It’s spooky, but this book knows you better than you’ll ever know this book. That’s part of its enduring mystery, both in the sense of a deeply spiritual drama and the curliest crime fiction. Thus does it combine in one the two genres of which Carmel has long been a recognised master. Rush out to buy it and be spooked."


Click on the video below to hear Carmel discussing the book.

The video clip here requires QuickTime


About the Novel

"It is strange and fascinating to me to think of people – Avila in particular – praying me into existence."

Sydney Peony Kent is a nineteen year-old American. She was a longed-for IVF baby, 'product of an unknown egg and unknown sperm' implanted in her mother, Avila. Avila not only used the latest scientific techniques to conceive Sydney, but also prayed to the Bambinello, a small carved and jewelled statue of the infant Jesus housed in the church of Santa Maria in Aracoeli in Rome and is said to have miraculous properties. Avila's distant relative, Father Roland Bruccoli, was conceived in a more conventional manner, but his mother too prayed to the Bambinello before his birth -- and that of his twin sister Eleena. It is when the adult Roland is visiting the church of Santa Maria one evening that the Bambinello is stolen. Roland hopes that Father Cosimo, an archivist, poet and riddler said to speak in the ancient green language of the troubadours, can assist in discovering what has happened to the Bambinello. But when matters of belief are involved, nothing is straightforward, as Sydney discovers herself when she too becomes caught up in tracing the Bambinello's fate.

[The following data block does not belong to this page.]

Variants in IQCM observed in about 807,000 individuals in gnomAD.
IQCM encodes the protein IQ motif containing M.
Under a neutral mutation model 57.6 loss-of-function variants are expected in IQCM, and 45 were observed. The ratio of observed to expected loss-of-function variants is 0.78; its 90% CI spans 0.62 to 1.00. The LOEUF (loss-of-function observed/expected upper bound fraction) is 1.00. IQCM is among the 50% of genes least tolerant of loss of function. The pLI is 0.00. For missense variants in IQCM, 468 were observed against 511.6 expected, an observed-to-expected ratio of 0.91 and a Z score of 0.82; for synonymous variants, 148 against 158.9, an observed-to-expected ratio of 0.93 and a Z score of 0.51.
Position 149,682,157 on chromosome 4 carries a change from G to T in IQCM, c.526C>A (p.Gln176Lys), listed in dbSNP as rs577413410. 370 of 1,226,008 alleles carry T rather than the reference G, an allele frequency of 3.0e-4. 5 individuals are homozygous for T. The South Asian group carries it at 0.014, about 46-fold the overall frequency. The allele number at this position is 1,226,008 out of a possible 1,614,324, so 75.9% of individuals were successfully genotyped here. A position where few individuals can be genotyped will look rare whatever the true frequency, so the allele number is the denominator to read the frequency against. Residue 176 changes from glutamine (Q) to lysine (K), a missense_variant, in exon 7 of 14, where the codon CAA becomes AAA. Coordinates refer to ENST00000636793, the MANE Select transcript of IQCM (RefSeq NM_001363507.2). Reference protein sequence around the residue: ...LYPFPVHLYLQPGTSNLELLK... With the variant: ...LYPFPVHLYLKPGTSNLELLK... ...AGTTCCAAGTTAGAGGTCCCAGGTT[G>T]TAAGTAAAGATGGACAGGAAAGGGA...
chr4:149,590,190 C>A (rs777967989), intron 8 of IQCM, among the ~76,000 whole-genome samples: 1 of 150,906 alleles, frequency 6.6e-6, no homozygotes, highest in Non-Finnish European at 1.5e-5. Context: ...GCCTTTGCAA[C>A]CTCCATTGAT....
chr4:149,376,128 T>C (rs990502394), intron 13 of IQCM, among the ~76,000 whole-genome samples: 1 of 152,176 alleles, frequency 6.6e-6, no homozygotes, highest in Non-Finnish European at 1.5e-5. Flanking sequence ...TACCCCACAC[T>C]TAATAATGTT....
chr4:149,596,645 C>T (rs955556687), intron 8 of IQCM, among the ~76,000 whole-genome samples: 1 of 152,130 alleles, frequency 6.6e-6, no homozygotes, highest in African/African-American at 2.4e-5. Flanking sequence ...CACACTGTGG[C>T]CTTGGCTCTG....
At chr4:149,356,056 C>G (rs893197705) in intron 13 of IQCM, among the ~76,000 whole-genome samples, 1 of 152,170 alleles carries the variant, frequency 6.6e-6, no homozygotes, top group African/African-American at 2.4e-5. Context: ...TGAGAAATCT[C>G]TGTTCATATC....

Deftly weaving together religion, science, pregnancies wanted and unwanted, love, loss and belief, Carmel Bird has created a luminous novel that both questions and celebrates the miraculous.